Sunday, April 5, 2015

A Brand New Knee, To Have or Have Not

On November 11th of last year, I had a total knee replacement operation on my left leg. It was one of the best things that ever could have happened to me. I want to share the experience in case some of you are considering having the procedure and this information could help you with your decision. 

I had had a knee “problem” since in sometime in 1999. In 2008, the pain was so bad I asked my general practitioner for help. When she had an x-ray taken and told me there was nothing wrong with my knee, I should have asked for a referral to a specialist but didn’t. 

Finally in 2013, I had great insurance and tried again. My doctor’s nurse practitioner ordered an MRI and it revealed that my knee joint was bone-on-bone and the next step was a follow-up with an orthopedic surgeon, Dr. Thomas Merchant, who turns out to have a spectacular reputation in Roseville, CA. 

Dr. Merchant went over the options with me, but the only one that sounded like a real option was the total knee replacement, and I was already prepared for that. He explained all the positives and negatives and gave me the percentages, but it only took me a moment to answer, “Let’s go for it!”

There was a three-month wait for the surgery, and it was very lucky I was already on the schedule, because one week prior to it my knee got stuck in a bent position. I had pieces of “bone and cartilage debris” in that area and apparently one got stuck between what was left of my knee cap. I could not put weight on my left leg and went on disability a week early.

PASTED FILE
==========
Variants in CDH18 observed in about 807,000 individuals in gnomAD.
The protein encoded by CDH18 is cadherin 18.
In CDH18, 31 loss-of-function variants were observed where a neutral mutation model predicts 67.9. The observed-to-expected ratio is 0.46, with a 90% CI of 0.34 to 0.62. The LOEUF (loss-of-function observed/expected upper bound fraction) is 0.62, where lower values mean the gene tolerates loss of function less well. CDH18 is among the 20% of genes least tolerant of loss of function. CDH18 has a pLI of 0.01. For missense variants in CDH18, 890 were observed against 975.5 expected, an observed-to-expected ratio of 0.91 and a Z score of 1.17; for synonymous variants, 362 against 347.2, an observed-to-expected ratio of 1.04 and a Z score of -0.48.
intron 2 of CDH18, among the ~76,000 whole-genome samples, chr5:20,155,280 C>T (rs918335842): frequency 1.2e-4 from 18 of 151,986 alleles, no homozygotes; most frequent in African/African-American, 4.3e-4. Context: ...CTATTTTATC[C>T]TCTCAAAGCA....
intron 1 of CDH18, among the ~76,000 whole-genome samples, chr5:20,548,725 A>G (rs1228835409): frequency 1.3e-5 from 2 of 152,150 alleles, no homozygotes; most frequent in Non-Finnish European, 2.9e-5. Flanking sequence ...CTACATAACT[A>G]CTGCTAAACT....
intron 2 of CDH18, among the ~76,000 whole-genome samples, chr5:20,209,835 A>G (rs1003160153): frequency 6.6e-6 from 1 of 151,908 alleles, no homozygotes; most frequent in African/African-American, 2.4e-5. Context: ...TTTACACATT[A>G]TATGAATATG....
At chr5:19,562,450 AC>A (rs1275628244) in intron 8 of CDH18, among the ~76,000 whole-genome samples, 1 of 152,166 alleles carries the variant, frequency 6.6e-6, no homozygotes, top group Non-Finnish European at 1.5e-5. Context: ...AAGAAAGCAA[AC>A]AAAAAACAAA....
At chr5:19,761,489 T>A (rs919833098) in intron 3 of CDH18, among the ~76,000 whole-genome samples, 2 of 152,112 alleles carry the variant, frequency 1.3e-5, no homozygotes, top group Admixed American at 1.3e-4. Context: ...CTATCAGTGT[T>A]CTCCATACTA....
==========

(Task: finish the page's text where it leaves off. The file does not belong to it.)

The day of the surgery finally came and I must admit I was a little nervous. I hadn’t faced what the surgery actually entailed, the cutting of bones and removal of the joint and cementing in of a new knee onto the raw bones. Suddenly visuals washed over me but I was successful in shoving the pictures back into to a recess of my mind and, thankfully, my anesthesiologist came to the rescue. 

I actually don’t remember recovery, just being in my hospital bed and quickly being attached to the CPM (continuous passive motion) machine. This wonderful piece of technology puts your leg through its paces automatically and for me it was a wonderful source of pain relief. When my knee was in motion my leg was in much less pain. 

Let’s talk about pain. Norco every four hours for the three days I was in the hospital and the five days I stayed with my mother was enough to keep me comfortable. I was off even Tylenol after just three weeks. So I would judge my pain to have been minimal for the extent of my surgery. 

The hospital staff had me up to go to the bathroom on the first day and, with the help of a physical therapist, walking the hallways twice a day for the next two days. I even had to climb a set of stairs before I was released from the hospital because my mother’s house has a set of stairs from the driveway into the house. I made it up them, no sweat. 

My 82-year-old mother was able to care for me for the next five days because no lifting was required. I could get up and down and to the bedroom or bathroom by myself. She literally fed me and fetched things I needed, and that was it.  I was even able to take a sitting shower, with my knee covered in Saran Wrap, before I went home to my tiny RV. 

The next two weeks were the toughest part of the whole thing because I drove myself to my two-week follow-up appointment and shopped for myself. Moving around the store with my walker or a motorized cart was not difficult, but more than once standing in line was excruciating. If you can get someone else to drive you or shop for you then do it.